Example Code!

var containerView = Backbone.View.extend({
//... snip
	render: function() {
		var template = _.template($('#regular_ol_template').html()),
			self = this;


		self.list = $('.list', self.el);

		var frag = document.createDocumentFragment();
		_.each(self.model.things.models, function(thing) {
			frag.appendChild(, question).render().el);

		return self;

	createThing: function(thing) {
		return new ThingView({model:thing});
//... snip

But why make a separate function?

What you’re not seeing is another method named addThing which uses createThing and does more work – to my model, spinning up other views, etcetera. It’s also good not to bind the creation of elements solely into your render method. You want to be able to add more things to your list without fully re-rendering it. That way, should someone else decide to use my model or view in the app, elements in the list can be adjusted without the performance overhead of creating the whole list again.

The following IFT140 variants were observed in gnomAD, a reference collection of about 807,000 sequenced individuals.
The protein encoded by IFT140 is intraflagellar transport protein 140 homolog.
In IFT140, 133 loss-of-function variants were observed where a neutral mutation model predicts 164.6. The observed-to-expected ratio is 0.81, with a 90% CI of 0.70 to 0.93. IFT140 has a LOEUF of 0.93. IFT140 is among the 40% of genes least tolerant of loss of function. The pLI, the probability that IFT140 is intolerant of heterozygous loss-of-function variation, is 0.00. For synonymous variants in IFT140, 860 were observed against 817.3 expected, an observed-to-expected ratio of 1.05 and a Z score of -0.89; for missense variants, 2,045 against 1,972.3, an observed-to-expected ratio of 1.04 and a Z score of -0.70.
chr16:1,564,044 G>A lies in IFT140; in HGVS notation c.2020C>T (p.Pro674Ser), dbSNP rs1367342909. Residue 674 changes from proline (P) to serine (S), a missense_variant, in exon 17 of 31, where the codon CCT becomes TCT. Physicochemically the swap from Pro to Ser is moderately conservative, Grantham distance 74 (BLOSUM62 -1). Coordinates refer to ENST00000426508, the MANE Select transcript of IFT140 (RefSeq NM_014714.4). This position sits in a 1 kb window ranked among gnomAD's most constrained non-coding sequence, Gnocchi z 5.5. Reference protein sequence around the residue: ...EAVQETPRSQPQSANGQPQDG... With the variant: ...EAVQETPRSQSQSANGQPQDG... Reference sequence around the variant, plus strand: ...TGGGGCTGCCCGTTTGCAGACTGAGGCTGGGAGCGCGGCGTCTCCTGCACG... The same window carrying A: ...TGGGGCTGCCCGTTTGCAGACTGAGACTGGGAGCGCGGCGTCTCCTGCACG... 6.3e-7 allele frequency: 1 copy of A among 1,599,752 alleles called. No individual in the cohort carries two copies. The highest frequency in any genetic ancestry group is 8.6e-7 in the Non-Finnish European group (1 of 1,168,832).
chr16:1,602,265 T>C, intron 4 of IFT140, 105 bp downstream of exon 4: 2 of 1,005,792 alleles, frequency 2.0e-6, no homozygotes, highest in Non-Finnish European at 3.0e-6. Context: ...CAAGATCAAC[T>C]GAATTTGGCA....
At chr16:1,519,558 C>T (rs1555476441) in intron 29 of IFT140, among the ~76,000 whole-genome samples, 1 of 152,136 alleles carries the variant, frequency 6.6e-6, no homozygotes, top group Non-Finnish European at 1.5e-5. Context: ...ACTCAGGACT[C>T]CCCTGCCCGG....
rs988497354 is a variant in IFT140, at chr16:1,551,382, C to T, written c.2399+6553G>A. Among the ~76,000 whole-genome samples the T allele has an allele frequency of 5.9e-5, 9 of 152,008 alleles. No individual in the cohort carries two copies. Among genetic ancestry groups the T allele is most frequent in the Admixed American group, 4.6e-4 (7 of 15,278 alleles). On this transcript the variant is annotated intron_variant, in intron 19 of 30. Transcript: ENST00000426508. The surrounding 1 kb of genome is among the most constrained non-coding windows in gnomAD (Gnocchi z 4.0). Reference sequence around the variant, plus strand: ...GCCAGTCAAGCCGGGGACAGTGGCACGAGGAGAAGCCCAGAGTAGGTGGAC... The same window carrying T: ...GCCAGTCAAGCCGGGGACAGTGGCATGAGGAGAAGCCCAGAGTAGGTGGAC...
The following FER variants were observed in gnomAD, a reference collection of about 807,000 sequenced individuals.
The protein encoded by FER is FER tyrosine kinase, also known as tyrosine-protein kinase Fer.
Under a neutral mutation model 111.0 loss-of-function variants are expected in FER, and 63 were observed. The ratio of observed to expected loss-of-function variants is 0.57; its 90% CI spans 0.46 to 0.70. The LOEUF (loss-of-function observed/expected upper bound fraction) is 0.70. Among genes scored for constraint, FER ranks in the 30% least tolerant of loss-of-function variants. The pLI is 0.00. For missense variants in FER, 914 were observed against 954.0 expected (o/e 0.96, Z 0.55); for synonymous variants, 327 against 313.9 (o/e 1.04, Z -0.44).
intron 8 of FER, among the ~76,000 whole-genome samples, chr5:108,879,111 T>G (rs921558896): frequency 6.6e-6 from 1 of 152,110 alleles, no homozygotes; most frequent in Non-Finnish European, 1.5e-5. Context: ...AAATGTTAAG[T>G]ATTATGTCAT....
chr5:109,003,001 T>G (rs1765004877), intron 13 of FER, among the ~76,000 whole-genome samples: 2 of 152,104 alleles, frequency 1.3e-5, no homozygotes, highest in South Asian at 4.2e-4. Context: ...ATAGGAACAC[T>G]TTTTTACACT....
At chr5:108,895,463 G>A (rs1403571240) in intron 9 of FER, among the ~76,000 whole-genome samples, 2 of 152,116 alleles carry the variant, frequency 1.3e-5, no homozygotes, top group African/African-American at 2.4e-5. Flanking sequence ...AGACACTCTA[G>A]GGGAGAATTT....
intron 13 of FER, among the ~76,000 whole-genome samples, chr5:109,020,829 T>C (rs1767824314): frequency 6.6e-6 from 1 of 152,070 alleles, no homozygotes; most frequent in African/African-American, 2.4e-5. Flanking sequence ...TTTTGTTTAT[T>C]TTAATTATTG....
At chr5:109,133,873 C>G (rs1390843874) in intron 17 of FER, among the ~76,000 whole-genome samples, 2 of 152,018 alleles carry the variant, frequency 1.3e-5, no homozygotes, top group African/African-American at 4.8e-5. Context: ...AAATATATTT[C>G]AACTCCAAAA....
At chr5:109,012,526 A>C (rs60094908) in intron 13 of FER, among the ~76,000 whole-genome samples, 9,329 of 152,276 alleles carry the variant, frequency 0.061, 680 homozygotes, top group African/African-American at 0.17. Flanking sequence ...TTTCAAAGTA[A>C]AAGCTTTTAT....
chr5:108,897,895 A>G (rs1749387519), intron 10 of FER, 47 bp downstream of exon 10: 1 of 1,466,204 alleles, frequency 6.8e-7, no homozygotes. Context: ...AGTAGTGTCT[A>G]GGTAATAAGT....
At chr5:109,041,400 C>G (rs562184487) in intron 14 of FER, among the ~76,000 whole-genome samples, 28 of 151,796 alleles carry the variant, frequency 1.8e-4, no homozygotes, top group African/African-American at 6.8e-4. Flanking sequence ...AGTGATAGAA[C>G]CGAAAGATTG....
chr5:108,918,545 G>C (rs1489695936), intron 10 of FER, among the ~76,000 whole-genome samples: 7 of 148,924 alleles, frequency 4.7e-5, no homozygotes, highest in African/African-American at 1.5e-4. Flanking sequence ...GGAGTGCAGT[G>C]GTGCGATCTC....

There you have it! You have now rendered your Backbone.js views into memory and appended them to the DOM in one fell swoop. Instead of abusing the DOM in your loop cycle you’ve speedily created them in memory. Isn’t that much kinder to the DOM? The answer is yes, yes it is.

What do you think? How would you change this? Comments!

Accessing the browser’s stylesheets with CSSelection

October 20th, 2010 § 3 comments § permalink

When writing applications that modify the DOM there’s one thing to keep in mind: your code will not be the only code touching the DOM. Defensive code is good code.

With defensive programming in mind there sometimes exists a need to peek into the CSS that is loaded into the browser. Say an application your writing depends on user-based styles that are dynamically loaded in. It’d be nice to inject those styles into the document CSS and know you’re not overwriting anything. Perhaps your code is meant to take an existing style and modify it.